Today I received an email asking me to sign on to a letter of support to the Muslim community from the Auburn Senior Fellows via Groundswell. You know this kind of thing – sign a letter, sign a petition, send a message to someone in authority about an issue. The letter I got today is a statement that affirms the presence of Muslims in America and condemns the rising tide of anti-Muslim sentiment in America. What I like about the letter is that is does more than condemn the actions of others, affirm a different perspective, and ask others to change. It also asks the signers to promise to take action in support and protection of Muslims. One part of the letter declares:
America is not America without Muslims. As people of faith and moral conscience, we promise to defend our Muslim brothers and sisters from attack, to speak up when they are maligned, and to support them with our voices, our actions, and our bodies.
I like the commitment of this statement. It is easy to add my name to something on line and hope that I am counted. Hope that someone is paying attention to the number of signers. Or tell someone else to change. But this letter asks me to do something in my day to day life beyond just typing my name in a box on a screen.
We are fortunate in St. Petersburg that there is an active Interfaith Association cultivating positive relationships among people of differing faiths. Because of this group and other community initiatives, I know several Muslim people. These are people I can call on the phone or email. People I feel I know well enough to have honest conversations about what is really going on.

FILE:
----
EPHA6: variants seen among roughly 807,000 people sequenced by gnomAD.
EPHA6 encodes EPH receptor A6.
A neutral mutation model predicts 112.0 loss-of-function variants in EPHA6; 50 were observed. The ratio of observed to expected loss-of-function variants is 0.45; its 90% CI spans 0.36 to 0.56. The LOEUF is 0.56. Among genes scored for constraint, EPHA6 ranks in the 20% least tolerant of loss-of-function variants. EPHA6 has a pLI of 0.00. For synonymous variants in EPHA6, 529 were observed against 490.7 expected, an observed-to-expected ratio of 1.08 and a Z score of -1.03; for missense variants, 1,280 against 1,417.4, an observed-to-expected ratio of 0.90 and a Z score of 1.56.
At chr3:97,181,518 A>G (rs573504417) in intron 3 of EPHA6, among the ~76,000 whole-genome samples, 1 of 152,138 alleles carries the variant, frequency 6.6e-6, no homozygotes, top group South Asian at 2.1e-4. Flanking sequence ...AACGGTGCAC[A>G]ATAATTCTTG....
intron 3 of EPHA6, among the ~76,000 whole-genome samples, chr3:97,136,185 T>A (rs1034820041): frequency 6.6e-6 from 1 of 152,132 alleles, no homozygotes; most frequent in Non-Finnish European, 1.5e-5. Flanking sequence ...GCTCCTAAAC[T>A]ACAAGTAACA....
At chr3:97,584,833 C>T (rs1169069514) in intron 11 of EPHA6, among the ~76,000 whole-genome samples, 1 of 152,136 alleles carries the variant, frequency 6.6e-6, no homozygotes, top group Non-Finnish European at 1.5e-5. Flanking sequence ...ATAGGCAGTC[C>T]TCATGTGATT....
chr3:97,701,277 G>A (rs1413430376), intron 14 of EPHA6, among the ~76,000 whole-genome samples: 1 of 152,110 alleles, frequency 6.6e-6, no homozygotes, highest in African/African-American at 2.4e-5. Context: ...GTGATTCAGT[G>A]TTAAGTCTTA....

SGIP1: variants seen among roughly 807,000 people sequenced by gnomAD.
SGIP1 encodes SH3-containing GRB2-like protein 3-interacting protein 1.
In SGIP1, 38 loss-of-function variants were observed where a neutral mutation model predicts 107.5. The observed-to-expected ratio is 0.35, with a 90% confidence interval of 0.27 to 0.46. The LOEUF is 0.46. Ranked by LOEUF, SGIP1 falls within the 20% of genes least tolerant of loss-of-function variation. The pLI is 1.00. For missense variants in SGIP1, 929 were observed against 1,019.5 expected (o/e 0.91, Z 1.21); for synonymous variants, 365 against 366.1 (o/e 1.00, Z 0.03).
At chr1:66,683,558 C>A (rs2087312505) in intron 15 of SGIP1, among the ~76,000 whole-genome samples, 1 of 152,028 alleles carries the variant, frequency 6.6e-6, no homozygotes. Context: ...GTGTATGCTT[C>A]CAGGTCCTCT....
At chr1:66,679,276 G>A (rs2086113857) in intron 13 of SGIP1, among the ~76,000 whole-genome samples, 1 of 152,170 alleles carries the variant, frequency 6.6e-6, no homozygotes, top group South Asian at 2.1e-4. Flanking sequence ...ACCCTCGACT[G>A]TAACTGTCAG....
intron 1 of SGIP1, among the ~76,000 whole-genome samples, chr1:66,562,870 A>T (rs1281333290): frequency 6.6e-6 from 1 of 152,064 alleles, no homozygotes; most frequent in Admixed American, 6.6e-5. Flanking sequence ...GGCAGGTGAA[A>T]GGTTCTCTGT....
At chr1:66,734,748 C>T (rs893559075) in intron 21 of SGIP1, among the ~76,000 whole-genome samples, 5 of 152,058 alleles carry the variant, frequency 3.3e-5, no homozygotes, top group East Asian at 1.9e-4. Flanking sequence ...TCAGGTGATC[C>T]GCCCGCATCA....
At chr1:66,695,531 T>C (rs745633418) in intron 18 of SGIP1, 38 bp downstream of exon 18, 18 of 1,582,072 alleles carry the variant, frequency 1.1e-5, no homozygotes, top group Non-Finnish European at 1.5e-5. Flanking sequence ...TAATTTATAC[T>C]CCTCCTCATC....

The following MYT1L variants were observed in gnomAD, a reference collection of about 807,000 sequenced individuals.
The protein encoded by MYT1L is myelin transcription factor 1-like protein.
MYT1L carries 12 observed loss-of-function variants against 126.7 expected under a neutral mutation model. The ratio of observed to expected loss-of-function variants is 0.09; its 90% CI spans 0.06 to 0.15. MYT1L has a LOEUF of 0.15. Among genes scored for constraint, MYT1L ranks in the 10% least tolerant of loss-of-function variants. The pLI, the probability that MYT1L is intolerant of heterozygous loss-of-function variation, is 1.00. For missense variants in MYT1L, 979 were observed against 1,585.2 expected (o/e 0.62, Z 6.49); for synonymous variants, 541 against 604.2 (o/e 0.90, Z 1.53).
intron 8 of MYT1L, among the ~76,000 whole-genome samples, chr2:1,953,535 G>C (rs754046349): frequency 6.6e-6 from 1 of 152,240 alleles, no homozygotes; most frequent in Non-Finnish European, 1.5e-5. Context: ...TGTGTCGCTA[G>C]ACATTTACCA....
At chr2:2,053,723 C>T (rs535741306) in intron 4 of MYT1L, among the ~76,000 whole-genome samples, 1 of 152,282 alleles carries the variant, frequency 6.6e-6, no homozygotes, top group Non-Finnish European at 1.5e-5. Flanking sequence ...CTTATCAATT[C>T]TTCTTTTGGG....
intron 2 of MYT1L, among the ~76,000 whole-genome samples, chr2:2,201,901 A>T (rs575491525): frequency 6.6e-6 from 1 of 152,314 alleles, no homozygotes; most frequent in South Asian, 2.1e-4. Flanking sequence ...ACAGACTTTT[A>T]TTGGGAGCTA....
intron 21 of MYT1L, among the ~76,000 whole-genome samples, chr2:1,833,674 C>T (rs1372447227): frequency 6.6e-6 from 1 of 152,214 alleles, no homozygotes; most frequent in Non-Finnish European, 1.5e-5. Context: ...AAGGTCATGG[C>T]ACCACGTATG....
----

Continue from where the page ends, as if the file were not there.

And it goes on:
Having signed the letter in support of Muslims in America, with the commitment to be personally involved in supporting Muslims, I am planning to ask my Muslim friends directly about how they are being treated day in and day out here in St. Petersburg. I look forward to getting a frank report. Then I will know how I can be helpful right here in our backyard.
This is part of what peace is about. Lofty ideals, yes, but also taking action in our every day lives close to home.
Maybe you can think of a time that you were able to help someone that was being targeted in some way – being bullied, harassed, taken advantage of. What did it feel like to take action on your principles?
Prayer: It’s easy to wish and hope and pray for things. Our faith also compels us to take action. That is harder. It can be inconvenient. It can be risky. We may be afraid of doing the wrong thing and so do nothing. Jesus is a great model for us of someone who lived out his longings each and every day. As we try to follow him, we increase the peace in the world and in ourselves. Amen.